Income Protection  

Financial impact of cancer puts families’ futures at risk

Financial impact of cancer puts families’ futures at risk

Almost three in four UK workers would struggle to cope with the financial impact of cancer, research has revealed.

Some 72 per cent of employees surveyed by Canada Life Group Insurance said they would struggle if their income fell by £570 a month - the average amount lost by 80 per cent of families after a cancer diagnosis.

The figure was even higher for single-parent workers, with 80 per cent saying they would struggle to cope and 63 per cent admitting it would be ‘very difficult’.

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Despite this, only 18 per cent of employees said they had some form of critical illness or income protection cover to help them financially if they were to develop cancer or another serious illness, falling to 10 per cent for single parents.

Cancer now affects one in two people during their lifetime and accounts for nearly seven in 10 critical illness claims – yet 46 per cent of those surveyed said they were not worried by their lack of protection.

UK employees have an average of £3,292 in savings, which would last less than six months if used to fund the average £570 shortfall in monthly income.

Nearly half (45 per cent) of respondents said they would need to apply for state benefits to get by if they were diagnosed with cancer and lost their income, at a time when such support is becoming increasingly difficult to obtain.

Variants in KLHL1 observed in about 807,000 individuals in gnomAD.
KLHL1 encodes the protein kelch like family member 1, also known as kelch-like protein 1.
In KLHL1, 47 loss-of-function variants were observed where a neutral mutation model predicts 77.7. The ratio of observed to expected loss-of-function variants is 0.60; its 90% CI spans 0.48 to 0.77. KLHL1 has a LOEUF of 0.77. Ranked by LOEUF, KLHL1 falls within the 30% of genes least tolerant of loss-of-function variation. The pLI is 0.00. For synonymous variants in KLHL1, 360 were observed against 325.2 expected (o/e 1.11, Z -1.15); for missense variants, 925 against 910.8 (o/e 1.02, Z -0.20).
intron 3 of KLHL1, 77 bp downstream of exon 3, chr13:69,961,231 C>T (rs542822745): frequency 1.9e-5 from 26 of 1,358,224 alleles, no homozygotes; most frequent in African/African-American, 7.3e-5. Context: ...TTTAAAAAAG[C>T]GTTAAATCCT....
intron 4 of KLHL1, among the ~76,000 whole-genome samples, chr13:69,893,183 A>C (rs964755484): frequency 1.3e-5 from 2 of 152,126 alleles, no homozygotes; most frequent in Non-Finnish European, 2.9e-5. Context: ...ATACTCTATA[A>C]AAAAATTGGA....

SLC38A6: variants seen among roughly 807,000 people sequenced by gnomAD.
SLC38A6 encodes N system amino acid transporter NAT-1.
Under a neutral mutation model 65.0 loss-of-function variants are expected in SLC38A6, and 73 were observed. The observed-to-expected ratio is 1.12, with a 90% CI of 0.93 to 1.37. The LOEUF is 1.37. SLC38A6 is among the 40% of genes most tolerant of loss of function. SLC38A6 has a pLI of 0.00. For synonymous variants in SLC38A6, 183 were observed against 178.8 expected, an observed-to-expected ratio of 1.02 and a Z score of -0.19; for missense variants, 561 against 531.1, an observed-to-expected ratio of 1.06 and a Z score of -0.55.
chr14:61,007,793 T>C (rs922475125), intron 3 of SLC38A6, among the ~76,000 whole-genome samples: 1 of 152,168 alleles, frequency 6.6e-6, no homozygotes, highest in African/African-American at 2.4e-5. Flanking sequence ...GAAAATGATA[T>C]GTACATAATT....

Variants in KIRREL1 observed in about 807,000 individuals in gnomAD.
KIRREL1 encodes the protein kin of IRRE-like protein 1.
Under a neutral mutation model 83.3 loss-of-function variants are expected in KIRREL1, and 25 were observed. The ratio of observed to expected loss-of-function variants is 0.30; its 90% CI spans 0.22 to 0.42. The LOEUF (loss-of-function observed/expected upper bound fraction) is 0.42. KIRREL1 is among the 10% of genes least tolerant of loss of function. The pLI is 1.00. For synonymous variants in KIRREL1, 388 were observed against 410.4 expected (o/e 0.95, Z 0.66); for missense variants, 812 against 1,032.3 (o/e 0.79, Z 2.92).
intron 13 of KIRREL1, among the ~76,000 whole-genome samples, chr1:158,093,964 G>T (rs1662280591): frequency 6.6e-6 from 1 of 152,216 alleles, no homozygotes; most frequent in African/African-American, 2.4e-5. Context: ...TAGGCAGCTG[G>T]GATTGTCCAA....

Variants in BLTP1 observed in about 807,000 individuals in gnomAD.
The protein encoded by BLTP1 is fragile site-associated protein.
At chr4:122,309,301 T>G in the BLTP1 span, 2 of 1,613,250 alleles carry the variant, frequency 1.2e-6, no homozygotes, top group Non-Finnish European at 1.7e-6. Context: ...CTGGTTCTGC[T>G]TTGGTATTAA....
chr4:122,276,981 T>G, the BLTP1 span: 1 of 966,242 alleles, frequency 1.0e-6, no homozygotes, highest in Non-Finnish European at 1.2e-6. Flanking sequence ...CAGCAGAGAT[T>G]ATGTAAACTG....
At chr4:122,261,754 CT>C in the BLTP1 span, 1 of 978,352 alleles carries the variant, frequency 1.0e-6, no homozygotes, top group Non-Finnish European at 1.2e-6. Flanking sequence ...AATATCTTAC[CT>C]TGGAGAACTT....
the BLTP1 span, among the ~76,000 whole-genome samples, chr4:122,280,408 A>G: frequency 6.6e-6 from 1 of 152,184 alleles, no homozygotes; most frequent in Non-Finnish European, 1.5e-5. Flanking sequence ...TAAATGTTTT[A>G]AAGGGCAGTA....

The findings are based on an online survey of 1,010 UK employees in full and part-time employment carried out in May 2017.

Paul Avis, marketing director at Canada Life Group Insurance, urged employers to consider workplace benefits that could help those affected by cancer.

“Group income protection and critical illness policies provide vital financial support through difficult periods of illness and are relatively inexpensive to provide, and only 7 per cent of respondents had cover such as this in place,” he explained.

“They also come with a host of support services such as counselling and rehabilitation, helping to enable a return to work if possible: a positive result for both employer and employee.”

Gemma Siddle, director of client services at Eldon Financial Planning in County Durham, said she did not find the figures surprising – but that cash-flow modelling can boost the uptake of cover as it enables clients to see the impact of a critical illness on their circumstances.

She said: “Workplace benefits can be hugely valuable in that kind of situation. With a personal policy, there might be loading on the premium based on [a client’s] health record, whereas with a group policy that does not get taken into account, so it could be reasonably cheap in comparison.”